A research consortium between the healthcare company Sanofi and Johannes Gutenberg University Mainz (JGU) investigated the antidiabetic action of certain natural fatty acids, so-called FAHFAs, which US-American scientists had reported in 2014. For some of these compounds, e.g. 5-PAHSA and 9-PAHSA, elevated levels were found in mice which overexpressed the glucose transporter Glut4. This transporter is controlled by insulin and causes the uptake of blood glucose in particular into muscle cells. It had been reported that both PAHSA isomers occur in food and are also produced by human cells. Diabetics have lower blood levels of these compounds than healthy individuals. When mice were fed with a FAHFA-enriched diet, their blood glucose levels were found to decrease and insulin was released.
These results published in a prominent journal caused a stir among scientists as they suggested a new point of attack in the fight against a widespread disease. Chemists under guidance of Professor Till Opatz from Mainz University synthesized the stereoisomers of 5- and 9-PAHSA and sent them to their colleagues at Sanofi in Frankfurt for biological testing. In some of the tests, rudimentary metabolic changes could be detected but the overall effect of the compounds was sobering: none of these molecules was able to achieve positive effects on clearly defined endpoints in metabolism.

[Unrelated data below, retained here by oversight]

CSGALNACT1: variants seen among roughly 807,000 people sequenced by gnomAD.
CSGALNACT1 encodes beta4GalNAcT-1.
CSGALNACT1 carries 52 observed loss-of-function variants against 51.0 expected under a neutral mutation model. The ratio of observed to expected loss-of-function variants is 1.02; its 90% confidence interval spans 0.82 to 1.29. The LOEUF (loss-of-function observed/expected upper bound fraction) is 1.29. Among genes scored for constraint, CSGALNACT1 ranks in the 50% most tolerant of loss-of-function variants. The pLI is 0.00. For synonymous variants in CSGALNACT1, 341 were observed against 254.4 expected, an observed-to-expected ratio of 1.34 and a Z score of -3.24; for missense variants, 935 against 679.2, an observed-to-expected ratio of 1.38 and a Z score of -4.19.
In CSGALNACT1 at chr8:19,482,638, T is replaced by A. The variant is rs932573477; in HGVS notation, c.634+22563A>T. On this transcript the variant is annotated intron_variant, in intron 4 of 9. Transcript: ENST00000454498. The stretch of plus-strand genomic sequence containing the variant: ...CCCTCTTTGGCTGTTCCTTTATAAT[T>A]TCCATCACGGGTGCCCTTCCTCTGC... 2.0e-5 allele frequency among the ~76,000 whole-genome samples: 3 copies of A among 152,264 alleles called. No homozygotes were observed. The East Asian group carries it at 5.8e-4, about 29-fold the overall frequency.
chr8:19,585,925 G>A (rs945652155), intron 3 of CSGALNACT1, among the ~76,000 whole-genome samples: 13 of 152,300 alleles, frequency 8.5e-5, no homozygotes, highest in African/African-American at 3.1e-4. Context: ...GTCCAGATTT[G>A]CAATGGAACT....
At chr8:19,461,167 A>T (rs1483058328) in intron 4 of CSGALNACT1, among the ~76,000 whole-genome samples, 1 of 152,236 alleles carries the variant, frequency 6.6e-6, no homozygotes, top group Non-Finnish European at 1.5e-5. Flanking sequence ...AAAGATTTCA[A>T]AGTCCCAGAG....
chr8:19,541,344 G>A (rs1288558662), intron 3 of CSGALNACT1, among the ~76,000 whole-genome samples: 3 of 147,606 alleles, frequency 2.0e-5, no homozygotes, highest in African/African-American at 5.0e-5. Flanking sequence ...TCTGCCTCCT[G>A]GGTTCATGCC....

The results of the researchers from Frankfurt and Mainz recently appeared in Cell Metabolism, a highly renowned international scientific journal. Now the German scientists hope for a constructive discussion on the discrepancy between both studies resulting in a better understanding of the disease models.
The current publication demonstrates the successful collaboration between a university and a research-active healthcare company in a highly relevant area of basic research in biomedicine. It underlines the importance of verification of scientific results and their disclosure.